Friday, June 27, 2014

Celebrating Mr. Padre...

I feel so fortunate to have known Tony Gwynn, who's memory was honored last night at Petco Park.  Getting back to San Diego for the event was extremely important to me and I'm so glad that I was in attendance to laugh, cry and be with those that understood the greatness of the man we remembered.

A who's who of dignitaries were on hand, Joe Torre, Reggie Jackson, Tony Larussa, and Steve Garvey.  Showing all that Tony's reach, went well beyond San Diego, to every corner of the baseball world.   There were former teammates, like Damian Jackson and Trevor Hoffman, and current players like Chase Headley and Andrew Cashner.  There were nearly 24 thousand people in attendance, many who had never met Gywnn, they only felt like they knew him, because that's how Tony made them feel.  A deep rooted respect for those people, his fans, and they showed him a great deal of respect last night.

As you would expect the program, emceed wonderfully by my friend Ted Leitner, ran the gamut of emotions.  From the opening singing of "Amazing Grace" to the release of 19 white doves and the first of several "TONY, TONY, TONY" chants from those gathered.  I wondered if after such a powerful open how Uncle Teddy was going to keep it together.   Leitner asked if the fans could indulge him, and give Tony one last standing ovation, not needing much prompting, the gathered masses rose in unison and it sounded like there was a game going on at Petco Park.

There was a common theme among the speakers last night, Tony Gwynn was a better man, person, father, husband, grandfather and friend, than he was a player.  For a Hall of Famer on the field, that's high praise, and well deserved praise.   Tony's long time friend and agent John Boggs talked about Gwynn being one of those rare, 'true' friends and how Tony never once ever thought of leaving the Padres for more money somewhere else.  Damian Jackson, a teammate toward the end of Tony's playing career, nearly broke down several times, talking about what a tremendous role model Gwynn was, and how he wished after growing up without a father, that Tony were his.  Trevor Hoffman approached the stage to a rousing standing ovation.  Hoffy thanked Tony for representing the City of San Diego with such class, and for his Hall of Fame career.  He finished his remarks by saying 'thank you for letting all of us into your house tonight'.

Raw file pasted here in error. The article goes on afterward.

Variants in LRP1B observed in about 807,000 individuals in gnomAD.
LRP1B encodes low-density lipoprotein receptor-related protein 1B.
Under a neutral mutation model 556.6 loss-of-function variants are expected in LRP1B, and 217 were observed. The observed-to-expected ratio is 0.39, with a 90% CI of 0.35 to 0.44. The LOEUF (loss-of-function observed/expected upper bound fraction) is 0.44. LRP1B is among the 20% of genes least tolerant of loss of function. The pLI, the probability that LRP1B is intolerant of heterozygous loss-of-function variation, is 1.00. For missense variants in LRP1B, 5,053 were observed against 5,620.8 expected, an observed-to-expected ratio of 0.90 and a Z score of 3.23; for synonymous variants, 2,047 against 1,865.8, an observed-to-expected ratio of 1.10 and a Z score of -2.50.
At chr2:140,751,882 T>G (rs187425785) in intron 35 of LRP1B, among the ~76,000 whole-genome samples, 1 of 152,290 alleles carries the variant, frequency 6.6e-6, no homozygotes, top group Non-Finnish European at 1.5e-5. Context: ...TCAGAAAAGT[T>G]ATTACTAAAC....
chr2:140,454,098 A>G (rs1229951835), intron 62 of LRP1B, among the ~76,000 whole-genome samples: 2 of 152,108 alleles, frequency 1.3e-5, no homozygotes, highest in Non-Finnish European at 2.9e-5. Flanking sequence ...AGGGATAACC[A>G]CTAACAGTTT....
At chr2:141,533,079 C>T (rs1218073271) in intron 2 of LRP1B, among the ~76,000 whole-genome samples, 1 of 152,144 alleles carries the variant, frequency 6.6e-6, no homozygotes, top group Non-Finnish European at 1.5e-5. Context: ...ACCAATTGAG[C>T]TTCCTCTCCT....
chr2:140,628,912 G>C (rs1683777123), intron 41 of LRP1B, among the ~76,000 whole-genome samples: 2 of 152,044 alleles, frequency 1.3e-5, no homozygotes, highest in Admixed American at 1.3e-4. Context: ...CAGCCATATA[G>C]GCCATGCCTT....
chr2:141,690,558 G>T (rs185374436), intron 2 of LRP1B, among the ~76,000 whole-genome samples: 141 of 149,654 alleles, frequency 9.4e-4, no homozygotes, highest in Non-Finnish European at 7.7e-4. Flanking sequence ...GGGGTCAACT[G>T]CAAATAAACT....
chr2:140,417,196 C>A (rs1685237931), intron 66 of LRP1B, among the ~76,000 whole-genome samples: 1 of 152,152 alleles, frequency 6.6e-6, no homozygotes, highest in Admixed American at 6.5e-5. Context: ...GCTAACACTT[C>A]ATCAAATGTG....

The final speaker was Tony's daughter, Anisha.  She thanked the fans for being there, and left the stage after saying to them, "You guys are why my dad loved San Diego so much".  Try not getting emotional after hearing that, or now, just reading that.

During the ceremony, there were several video clips played, highlighting the days on the field and the days off for Tony Gwynn.  Thankfully there were a handful that showcased that powerful, warm, friendly and unforgettable laugh.  That laugh meant so much to Leitner, that he had The Mighty 1090 send him an audio clip of Tony doing a commercial several years ago, it was raw, unedited audio, where Tony may have messed up a line, and there was that laugh.  Ted shared that with the people yesterday, holding his cellphone to the microphone.  Wow.

The program was excellent, if a memorial can be that.  Tireless work by Erik Meyer and Mike Grace of the Padres came off without a hitch and covered every base.  Leitner kept things solemn at times, hilarious at others and did a wonderful job as always.

San Diego, stay strong, it's been a tough few months, losing 2 icons in a short period of time.  My only wish is that Tony and the Colonel are up there looking down on us.  I hope they've found a ballgame to watch, so Jerry can complain about how the second baseman didn't cover the bag correctly, and Tony can just look at him and chuckle.  Those moments in the living were priceless, I can only imagine what they are like now.

It was cathartic for me to hear basically what I already knew, that Tony was the kind of person, we all should strive to be.  The outpouring of love and affection was overwhelming, but well deserved.  The man known as Anthony Keith Gwynn is no longer walking among us, but he's always going to be with us, there is no doubt.   As sure as a base hit through the 5.5 hole, Tony Gwynn, will always and forever be, our Mr. Padre.

The spotlight on #19 at the end of the program (Courtesy San Diego Padres)

My vantage point last night, an hour before the ceremony

Spontaneous cellphone lights as the program was coming to an end

The final images on the scoreboard of Mr. Padre as the program ended

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